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 BUFFALO, N.Y. (AP) -Buffalo Bills offensive line coach Jim McNally retired Tuesday, ending a 28-year NFL career that included tutoring Hall of Fame tackle Anthony Munoz.
``I have truly enjoyed my coaching career in the NFL, and I just feel that the time is right for me to retire,'' McNally said in a statement issued by the team. ``I want to offer a big thank you to all the players I've coached. ... I can only hope that I've been as instrumental in their lives as they have been in mine.''
McNally, who turned 64 last month, spent the past four years with the Bills, ending his career in his hometown and where he broke in as a coach with the University at Buffalo in 1965. He's best known for the 15 seasons - from 1980-94 - he spent with the Cincinnati Bengals, where he coached both Munoz and Pro Bowler Max Montoya, and made two Super Bowl appearances.
After Cincinnati, McNally spent four years at Carolina and five years with the New York Giants. At the college level, he also coached at Marshall, Boston College and Wake Forest in the 1970s.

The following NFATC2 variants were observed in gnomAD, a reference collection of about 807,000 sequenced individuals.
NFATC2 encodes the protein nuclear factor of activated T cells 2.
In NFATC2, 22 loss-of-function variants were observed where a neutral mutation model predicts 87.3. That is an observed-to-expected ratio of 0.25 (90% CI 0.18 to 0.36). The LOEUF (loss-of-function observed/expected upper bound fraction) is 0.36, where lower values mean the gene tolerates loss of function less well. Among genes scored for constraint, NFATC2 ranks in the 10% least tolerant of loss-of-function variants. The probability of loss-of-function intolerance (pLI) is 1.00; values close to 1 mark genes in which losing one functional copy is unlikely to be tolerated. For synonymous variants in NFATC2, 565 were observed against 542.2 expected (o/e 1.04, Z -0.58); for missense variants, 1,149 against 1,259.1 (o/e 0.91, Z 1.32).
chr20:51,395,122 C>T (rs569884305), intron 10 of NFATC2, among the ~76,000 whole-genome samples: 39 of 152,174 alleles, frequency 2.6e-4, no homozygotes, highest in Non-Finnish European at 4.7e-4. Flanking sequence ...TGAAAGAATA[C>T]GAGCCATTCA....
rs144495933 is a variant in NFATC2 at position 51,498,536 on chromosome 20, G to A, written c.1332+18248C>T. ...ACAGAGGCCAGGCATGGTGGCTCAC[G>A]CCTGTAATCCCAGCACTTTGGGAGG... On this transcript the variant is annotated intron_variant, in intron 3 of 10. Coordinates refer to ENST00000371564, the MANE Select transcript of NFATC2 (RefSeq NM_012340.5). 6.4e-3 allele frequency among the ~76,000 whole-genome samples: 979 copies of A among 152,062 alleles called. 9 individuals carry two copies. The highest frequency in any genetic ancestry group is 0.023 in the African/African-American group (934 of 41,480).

``I have had a great time in each of the cities in which I've worked, and to be able to retire in my hometown has been fantastic,'' McNally said.
McNally's retirement came as a slight surprise, and leaves the Bills down two offensive coaches after coordinator Steve Fairchild was hired last month to take over at Colorado State. Buffalo is also searching for a general manager after Marv Levy retired last week.
``Jim McNally's coaching career speaks for itself,'' Bills coach Dick Jauron said. ``His dedication and love of the game of football is unmatched. We think him for his contributions ... and wish him the very best in his retirement.''
Nicknamed ``Mouse'' because of his 5-foot-8 frame, McNally was credited for making a big impact. His most successful job might have been helping develop Buffalo's Jason Peters into a Pro Bowl left tackle this past season.
Peters was a tight end in college when he signed with the Bills as an undrafted rookie free agent in 2004. He was converted into an offensive lineman the following offseason and started the final nine games of the year at right tackle. Peters then made the switch to the left side in 2006, and earned his first Pro Bowl selection this past year.
He was part of a revamped offensive line that allowed 26 sacks, down from 47 last year, and matched a team record by going three straight games without allowing a sack. ``We've got the offensive line headed in the right direction and I see great things for them in the upcoming years,'' McNally said. ``If the success of my career in this league is based upon the people I've met, the quality of men I've worked with and the experiences I've enjoyed, then I could not have asked for anything more.''

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